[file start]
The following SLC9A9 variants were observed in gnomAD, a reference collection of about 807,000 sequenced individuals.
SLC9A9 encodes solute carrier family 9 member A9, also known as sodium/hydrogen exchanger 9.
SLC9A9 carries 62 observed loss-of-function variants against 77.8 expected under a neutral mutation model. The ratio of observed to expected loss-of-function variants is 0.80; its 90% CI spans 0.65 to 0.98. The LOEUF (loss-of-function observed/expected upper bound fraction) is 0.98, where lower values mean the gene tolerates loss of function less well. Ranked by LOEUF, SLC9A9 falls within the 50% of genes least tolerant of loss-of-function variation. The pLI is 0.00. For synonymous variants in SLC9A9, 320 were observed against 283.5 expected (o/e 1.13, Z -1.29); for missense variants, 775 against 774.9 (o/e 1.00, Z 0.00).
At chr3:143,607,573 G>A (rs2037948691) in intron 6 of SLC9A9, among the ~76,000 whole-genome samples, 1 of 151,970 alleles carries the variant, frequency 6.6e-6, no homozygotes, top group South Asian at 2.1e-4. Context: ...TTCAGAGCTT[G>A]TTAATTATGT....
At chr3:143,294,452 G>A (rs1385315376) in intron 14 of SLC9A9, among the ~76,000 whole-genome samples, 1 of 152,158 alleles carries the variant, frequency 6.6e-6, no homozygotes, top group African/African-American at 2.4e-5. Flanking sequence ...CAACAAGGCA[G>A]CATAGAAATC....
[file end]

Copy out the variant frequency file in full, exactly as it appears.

The following SLC9A9 variants were observed in gnomAD, a reference collection of about 807,000 sequenced individuals.
SLC9A9 encodes solute carrier family 9 member A9, also known as sodium/hydrogen exchanger 9.
SLC9A9 carries 62 observed loss-of-function variants against 77.8 expected under a neutral mutation model. The ratio of observed to expected loss-of-function variants is 0.80; its 90% CI spans 0.65 to 0.98. The LOEUF (loss-of-function observed/expected upper bound fraction) is 0.98, where lower values mean the gene tolerates loss of function less well. Ranked by LOEUF, SLC9A9 falls within the 50% of genes least tolerant of loss-of-function variation. The pLI is 0.00. For synonymous variants in SLC9A9, 320 were observed against 283.5 expected (o/e 1.13, Z -1.29); for missense variants, 775 against 774.9 (o/e 1.00, Z 0.00).
At chr3:143,607,573 G>A (rs2037948691) in intron 6 of SLC9A9, among the ~76,000 whole-genome samples, 1 of 151,970 alleles carries the variant, frequency 6.6e-6, no homozygotes, top group South Asian at 2.1e-4. Context: ...TTCAGAGCTT[G>A]TTAATTATGT....
At chr3:143,294,452 G>A (rs1385315376) in intron 14 of SLC9A9, among the ~76,000 whole-genome samples, 1 of 152,158 alleles carries the variant, frequency 6.6e-6, no homozygotes, top group African/African-American at 2.4e-5. Flanking sequence ...CAACAAGGCA[G>A]CATAGAAATC....